Migrants at El Paso
Texas National Guard and Texas state troopers position themselves on the banks of the Rio Grande The Texas Tribune/Ivan Pierre Aguirre

A majority of swing state voters say Biden bears responsibility for the surge in migration toward the United States, something that could become an electoral liability as the issue gains importance in the mind of the electorate.

According to a new Bloomberg/Morning Consult poll, six in 10 voters from these states gave the aforementioned answer. And while the economy remains the top issue when it comes to deciding their votes, immigration has spiked in the latest installment of this monthly poll.

This is especially the case in Arizona, North Carolina and Wisconsin: concern among voters from the state spiked this month, with 20% of them naming it as their top deciding issue, compared to slightly more than 10% the month before.

Similar spikes were registered among voters from the other two states, all of them seemingly at the expense of the economy, which saw a proportional decline. It is now the top issue for less than 30% of the voters in Arizona, when almost 40% had given that answer the prior month.

Former president Donald Trump's comparative strength can be extrapolated to a macro analysis, as he leads Biden 48% to 42% in a head-to-head matchup in the seven swing states: Arizona, Georgia, Michigan, Nevada, North Carolina, Pennsylvania and Wisconsin.

Trump also leads in all of the states individually, ranging from a 3 percentage point lead in Pennsylvania and Arizona to a 10 percentage point one in North Carolina.

Voters did consider factors from outside the U.S. as catalysts for the surge in migration, including corruption and difficult economic conditions in other countries, with almost 80% of respondents saying they were impacting factors. More than 60% also cited war and famine in other countries.

At a domestic level, however, Biden is held responsible by the largest proportion of voters. Democrats are a close second with slightly less than 60% of voters holding them responsible, while Republicans in Congress got the blame from 40% and the Trump administration from 30%.

Donald Trump and Joe Biden
Joe Biden and Donald Trump may be set for a rematch in 2024. AFP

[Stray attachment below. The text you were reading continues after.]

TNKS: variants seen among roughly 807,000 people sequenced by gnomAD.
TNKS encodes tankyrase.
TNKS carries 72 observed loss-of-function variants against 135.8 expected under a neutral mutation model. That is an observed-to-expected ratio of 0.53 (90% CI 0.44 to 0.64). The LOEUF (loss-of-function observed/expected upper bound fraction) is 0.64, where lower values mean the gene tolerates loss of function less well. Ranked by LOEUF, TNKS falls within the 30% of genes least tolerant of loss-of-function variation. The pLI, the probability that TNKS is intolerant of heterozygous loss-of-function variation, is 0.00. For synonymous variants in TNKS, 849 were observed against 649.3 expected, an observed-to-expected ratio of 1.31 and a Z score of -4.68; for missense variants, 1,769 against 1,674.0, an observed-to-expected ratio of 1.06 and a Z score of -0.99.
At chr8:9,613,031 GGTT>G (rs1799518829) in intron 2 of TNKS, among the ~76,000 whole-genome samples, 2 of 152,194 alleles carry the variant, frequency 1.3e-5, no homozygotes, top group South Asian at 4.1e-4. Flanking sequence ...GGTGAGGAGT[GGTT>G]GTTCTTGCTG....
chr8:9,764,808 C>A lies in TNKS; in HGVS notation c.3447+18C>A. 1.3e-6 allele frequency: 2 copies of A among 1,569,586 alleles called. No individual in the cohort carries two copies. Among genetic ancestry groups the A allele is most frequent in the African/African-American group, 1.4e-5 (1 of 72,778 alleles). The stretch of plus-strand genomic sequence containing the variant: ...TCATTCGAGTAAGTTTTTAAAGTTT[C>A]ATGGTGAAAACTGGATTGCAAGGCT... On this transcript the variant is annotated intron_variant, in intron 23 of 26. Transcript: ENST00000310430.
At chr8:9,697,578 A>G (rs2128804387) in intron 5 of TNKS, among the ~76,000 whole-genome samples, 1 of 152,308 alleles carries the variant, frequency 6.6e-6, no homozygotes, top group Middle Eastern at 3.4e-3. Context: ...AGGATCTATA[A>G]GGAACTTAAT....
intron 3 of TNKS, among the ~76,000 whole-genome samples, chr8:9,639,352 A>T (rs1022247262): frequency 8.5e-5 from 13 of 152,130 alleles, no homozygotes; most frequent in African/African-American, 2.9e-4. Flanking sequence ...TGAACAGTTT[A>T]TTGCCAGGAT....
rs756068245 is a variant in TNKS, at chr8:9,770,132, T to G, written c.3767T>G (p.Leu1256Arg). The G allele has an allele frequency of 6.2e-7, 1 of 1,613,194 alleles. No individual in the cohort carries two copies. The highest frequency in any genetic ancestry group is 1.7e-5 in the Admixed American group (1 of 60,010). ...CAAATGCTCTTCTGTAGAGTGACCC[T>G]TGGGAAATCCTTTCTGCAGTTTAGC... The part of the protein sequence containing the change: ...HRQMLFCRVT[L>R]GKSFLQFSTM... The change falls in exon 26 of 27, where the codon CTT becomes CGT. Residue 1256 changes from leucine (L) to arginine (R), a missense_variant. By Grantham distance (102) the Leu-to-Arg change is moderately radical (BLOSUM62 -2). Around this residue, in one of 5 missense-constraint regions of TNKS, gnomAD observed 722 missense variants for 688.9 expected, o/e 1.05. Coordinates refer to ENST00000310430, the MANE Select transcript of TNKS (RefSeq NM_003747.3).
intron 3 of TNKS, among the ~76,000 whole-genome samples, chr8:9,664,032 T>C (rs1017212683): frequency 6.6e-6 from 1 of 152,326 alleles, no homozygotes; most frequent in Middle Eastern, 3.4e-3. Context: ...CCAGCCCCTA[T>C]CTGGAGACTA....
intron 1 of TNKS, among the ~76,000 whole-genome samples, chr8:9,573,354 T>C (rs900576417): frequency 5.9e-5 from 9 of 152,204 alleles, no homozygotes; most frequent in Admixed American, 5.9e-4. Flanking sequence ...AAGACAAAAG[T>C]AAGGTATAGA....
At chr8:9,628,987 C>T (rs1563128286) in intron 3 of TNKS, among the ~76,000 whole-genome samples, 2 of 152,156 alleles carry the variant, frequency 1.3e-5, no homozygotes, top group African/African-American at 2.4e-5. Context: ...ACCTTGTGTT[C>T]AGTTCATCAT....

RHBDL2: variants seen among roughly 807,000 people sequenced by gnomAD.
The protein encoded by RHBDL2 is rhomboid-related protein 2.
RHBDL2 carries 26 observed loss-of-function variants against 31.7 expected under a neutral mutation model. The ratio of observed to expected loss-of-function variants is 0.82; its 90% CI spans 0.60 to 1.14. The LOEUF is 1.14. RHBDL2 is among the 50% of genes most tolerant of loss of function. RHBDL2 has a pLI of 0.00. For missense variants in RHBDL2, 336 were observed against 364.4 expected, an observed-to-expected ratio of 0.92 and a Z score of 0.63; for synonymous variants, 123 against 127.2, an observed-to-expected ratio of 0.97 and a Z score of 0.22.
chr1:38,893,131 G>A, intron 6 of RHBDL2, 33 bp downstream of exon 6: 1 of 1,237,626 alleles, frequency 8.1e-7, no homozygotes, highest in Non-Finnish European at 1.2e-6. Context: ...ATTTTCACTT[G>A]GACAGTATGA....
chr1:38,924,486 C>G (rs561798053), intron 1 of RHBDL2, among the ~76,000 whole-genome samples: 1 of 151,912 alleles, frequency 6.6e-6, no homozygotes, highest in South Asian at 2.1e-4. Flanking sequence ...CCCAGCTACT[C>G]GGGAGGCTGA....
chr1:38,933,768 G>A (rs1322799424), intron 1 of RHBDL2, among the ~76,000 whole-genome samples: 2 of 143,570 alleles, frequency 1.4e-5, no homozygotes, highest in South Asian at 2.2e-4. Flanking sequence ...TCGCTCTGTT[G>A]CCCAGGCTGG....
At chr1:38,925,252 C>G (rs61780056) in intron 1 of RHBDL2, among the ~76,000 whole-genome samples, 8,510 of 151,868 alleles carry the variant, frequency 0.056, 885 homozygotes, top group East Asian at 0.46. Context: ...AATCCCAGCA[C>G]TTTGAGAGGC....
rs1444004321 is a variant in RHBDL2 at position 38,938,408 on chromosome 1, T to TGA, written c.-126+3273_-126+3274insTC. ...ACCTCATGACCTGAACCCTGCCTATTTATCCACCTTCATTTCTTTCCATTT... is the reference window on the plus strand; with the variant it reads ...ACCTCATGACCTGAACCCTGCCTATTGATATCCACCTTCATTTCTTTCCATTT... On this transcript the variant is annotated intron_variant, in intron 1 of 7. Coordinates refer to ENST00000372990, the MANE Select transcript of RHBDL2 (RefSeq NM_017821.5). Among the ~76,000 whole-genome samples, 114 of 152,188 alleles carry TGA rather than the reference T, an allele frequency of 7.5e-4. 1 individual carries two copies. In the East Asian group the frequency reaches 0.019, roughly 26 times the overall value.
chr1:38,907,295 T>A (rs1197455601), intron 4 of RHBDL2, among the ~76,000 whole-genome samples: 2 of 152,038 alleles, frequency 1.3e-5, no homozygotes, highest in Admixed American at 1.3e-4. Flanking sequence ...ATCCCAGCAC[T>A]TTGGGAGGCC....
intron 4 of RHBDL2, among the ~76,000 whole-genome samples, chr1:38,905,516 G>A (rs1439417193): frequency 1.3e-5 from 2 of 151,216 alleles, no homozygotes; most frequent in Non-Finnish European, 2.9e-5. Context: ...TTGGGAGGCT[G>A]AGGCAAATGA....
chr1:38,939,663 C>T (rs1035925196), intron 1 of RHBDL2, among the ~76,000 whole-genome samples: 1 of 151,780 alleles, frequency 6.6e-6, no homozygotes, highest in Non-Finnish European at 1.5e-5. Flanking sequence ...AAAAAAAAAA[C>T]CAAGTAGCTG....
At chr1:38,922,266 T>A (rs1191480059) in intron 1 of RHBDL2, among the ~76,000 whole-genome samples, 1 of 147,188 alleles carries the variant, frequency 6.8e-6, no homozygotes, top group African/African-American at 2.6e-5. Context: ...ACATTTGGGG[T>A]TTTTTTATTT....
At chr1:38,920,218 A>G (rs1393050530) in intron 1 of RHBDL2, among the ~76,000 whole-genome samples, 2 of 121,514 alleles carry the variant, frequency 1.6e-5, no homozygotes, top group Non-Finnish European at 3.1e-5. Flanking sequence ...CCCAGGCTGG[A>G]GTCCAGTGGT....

Immigration enforcement is at the center of the political conversation in the U.S., especially whether an agreement between Democrats and Republicans in Congress can be passed in the following days.

Tensions emerged between Republican lawmakers during the past days following pressure from former president Donald Trump to tank the deal on border security, as negotiators from both parties said they were getting closer to an agreement.

According to Senator Mitt Romney, one of the high-profile Republican officials who is at odds with Trump, the former president doesn't want the deal to go forward to continue using it as a talking point during the campaign trail.

President Joe Biden further pressured Republicans to pass the deal, saying that is willing to exercise the ability to shut down the border if it's passed.

"What's been negotiated would —if passed into law— be the toughest and fairest set of reforms to secure the border we've ever had in our country," Biden said. "It would give me, as President, a new emergency authority to shut down the border when it becomes overwhelmed. And if given that authority, I would use it the day I sign the bill into law."

In parallel, House Republicans took a decisive step toward impeaching Department of Homeland Security Secretary Alejandro Mayorkas in the early hours of Wednesday, following a party-line over what they claim are unlawful measures regarding immigration.

Concretely, the Homeland Security Committee recommended two articles of impeachment against Mayorkas, sending the initiative to the full House for a vote, a move that The Associated Press described as a "rare charge against a Cabinet official unseen in nearly 150 years."

© 2024 Latin Times. All rights reserved. Do not reproduce without permission.